Help! I’ve Started Experiencing Extreme Runner’s Trots!

A reader wonders where his intestinal fortitude went.

Question from a reader: I’ve been running for many years. I run almost every day, I’ve done marathons and ultras.

Up until recently, I’ve had an iron stomach. I could eat a bowl of oats with raisins, followed by ice cream the night before, washing it all down with a bottle of Metamucil, and get up the next morning for a 32K run with no problems.

These days, however, I get about 12K before I feel the urge to poo. I can usually make it about three more kilometres before I absolutely have to stop and go. Lately, I’ve been planning my routes so that I pass public toilets at about this point, and I carry tissue with me.

However, today, my timing was off. I actually made it a bit further than I thought, which was bad because I was on a city street, but it was early enough that nothing was open, so I couldn’t duck into a McDonald’s or a restaurant. I found myself crawling into a dumpster to make the magic happen.

Now, I feel REALLY, REALLY guilty about it. I’m thinking about going back tonight when it’s dark with some kitty litter, water, bleach, and a shovel to clean up after myself.

I have two questions: Any reasons for the sudden change in my intestinal personality? And should I go back and clean up after myself, or am I overreacting?

Runner’s trots or runner’s diarrhoea is a relatively common problem for runners and often requires timing your workouts to avoid having to ‘go on the run’. This is one of those ‘secret’ personal problems runners seldom talk about with each other or their physicians. It happens to both world-class elite runners and ordinary fitness runners. I have witnessed the problem firsthand in several race medical tents, and even on a televised international marathon.

For some unknown reason, physical activity like running can activate the large bowel resulting in the need to evacuate. This is not a problem if your route is peppered with accessible toilets, but becomes a personal emergency when facilities are not available. Runners with a history of this problem often learn to manage the problem by timing their runs to their bowel habits. It is the intermittent and unexpected episode that sets a runner up for the embarrassing situation you have described.

A once in a lifetime episode may just be bad luck, but if this is a recurring problem, you want to a search for a cause. There is a gastrocolic reflex in humans that is quite strong in babies and tends to be reduced or extinguished in adults. The gastrocolic reflex is simply described as “fill the stomach, empty the colon”. It is possible that running could trigger this reflex, so not eating within two to three hours of your run may help. Running-associated changes in gut blood flow may also contribute to the problem of increased gut motility or peristalsis.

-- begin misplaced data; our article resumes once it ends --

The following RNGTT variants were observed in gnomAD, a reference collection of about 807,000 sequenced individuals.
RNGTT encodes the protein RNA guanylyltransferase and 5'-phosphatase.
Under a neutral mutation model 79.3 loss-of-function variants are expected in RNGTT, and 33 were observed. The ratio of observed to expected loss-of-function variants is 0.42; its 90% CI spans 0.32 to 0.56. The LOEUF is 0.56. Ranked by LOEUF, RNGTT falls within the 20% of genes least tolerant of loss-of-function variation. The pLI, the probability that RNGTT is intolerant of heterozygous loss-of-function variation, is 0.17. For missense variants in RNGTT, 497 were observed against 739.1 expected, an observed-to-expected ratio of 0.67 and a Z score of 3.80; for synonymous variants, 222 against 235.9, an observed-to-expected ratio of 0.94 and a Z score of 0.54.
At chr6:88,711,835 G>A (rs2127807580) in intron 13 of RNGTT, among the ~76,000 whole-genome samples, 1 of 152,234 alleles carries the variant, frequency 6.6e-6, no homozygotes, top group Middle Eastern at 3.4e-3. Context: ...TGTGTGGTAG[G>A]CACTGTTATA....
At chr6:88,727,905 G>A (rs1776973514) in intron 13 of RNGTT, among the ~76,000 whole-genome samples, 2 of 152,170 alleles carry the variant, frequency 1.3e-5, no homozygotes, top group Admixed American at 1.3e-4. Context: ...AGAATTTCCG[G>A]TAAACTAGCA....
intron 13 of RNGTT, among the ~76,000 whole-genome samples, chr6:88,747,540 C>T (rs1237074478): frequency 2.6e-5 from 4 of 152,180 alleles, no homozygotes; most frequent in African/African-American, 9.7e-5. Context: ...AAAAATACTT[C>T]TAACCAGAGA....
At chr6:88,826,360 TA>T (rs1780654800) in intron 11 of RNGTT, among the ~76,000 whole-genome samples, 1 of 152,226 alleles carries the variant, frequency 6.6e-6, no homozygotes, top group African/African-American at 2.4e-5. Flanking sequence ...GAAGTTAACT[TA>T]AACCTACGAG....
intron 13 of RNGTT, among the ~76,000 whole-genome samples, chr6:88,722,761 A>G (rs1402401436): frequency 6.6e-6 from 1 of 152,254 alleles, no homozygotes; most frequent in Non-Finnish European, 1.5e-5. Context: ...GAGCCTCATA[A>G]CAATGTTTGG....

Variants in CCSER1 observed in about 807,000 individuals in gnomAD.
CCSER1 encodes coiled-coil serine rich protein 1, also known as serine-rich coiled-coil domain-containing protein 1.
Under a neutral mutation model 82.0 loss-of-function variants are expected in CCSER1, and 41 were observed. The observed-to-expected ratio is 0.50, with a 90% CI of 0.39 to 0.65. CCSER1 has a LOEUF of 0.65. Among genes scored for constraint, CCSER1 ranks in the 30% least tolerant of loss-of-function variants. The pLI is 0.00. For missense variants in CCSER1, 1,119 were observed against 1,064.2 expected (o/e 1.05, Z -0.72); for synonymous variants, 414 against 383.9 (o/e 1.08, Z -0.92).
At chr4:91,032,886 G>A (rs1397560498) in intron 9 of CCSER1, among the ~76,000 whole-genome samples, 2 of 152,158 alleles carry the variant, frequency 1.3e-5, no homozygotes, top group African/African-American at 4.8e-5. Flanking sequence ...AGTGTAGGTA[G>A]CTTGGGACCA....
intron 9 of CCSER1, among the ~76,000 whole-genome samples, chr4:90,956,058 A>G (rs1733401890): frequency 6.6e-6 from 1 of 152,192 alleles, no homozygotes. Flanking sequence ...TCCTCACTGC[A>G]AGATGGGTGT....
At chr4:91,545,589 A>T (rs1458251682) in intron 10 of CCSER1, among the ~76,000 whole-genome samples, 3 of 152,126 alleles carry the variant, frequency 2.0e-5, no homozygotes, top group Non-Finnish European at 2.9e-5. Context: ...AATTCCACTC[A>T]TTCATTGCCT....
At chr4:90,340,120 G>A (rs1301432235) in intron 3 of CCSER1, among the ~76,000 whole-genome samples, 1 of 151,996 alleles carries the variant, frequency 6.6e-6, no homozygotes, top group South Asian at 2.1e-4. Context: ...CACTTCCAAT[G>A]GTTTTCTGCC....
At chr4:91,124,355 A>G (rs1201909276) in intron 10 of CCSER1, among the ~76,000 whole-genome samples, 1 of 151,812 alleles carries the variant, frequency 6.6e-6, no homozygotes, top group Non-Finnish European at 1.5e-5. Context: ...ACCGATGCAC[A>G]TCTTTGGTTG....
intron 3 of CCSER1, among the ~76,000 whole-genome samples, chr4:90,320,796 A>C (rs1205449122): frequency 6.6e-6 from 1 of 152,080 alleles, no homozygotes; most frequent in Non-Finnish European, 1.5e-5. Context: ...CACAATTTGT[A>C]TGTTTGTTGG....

A food sensitivity to dairy products (lactose intolerance) or a gluten sensitivity could also be a cause, and caffeine or other stimulants might activate bowel contractions. Try a dairy or gluten elimination diet for 2-8 weeks, then reintroduce it to see if you can uncover a problem.

Your gut may also have trouble with high fibre or fatty foods. If so, you may need to avoid those foods before your runs. It may also help if you time that Metamucil shake to the meal after your run rather than at bedtime.

If you know how quickly food travels through your gut after a meal, you can sometimes avoid eating troublesome foods when they are likely to make trouble during your planned runs (especially your long runs).

You can check your gut transit time by eating corn or other foods with husks or skins that are not digested in the gut, or eating beets that pass a red color in your stool.

There is a lot of research being done on the gut biome, and maybe we will better understand the causes of runner’s trots as this research unfolds. If you have recently been on antibiotics, your gut biome may be adversely affected – so taking a probiotic may help the problem.

If the ‘trots’ have become a frequent problem for you, consider carrying an ‘emergency toilet‘ pack with a plastic bag that you can seal and some tissues or soft wipes. You can then carry your ‘deposit’ home and dispose of it. I would refrain from climbing into a dumpster again. You can never tell what is in or has been in the receptacle; a cut or scrape may lead to a nasty infection.

Most of my patients with this malady learn to time their runs to their gut and develop running routes with accessible toilets.

If these strategies do not help, you should see your physician, especially if you are feeling ill, losing weight, getting more easily fatigued, notice blood in your stools, or have continuous diarrhea away from your runs.

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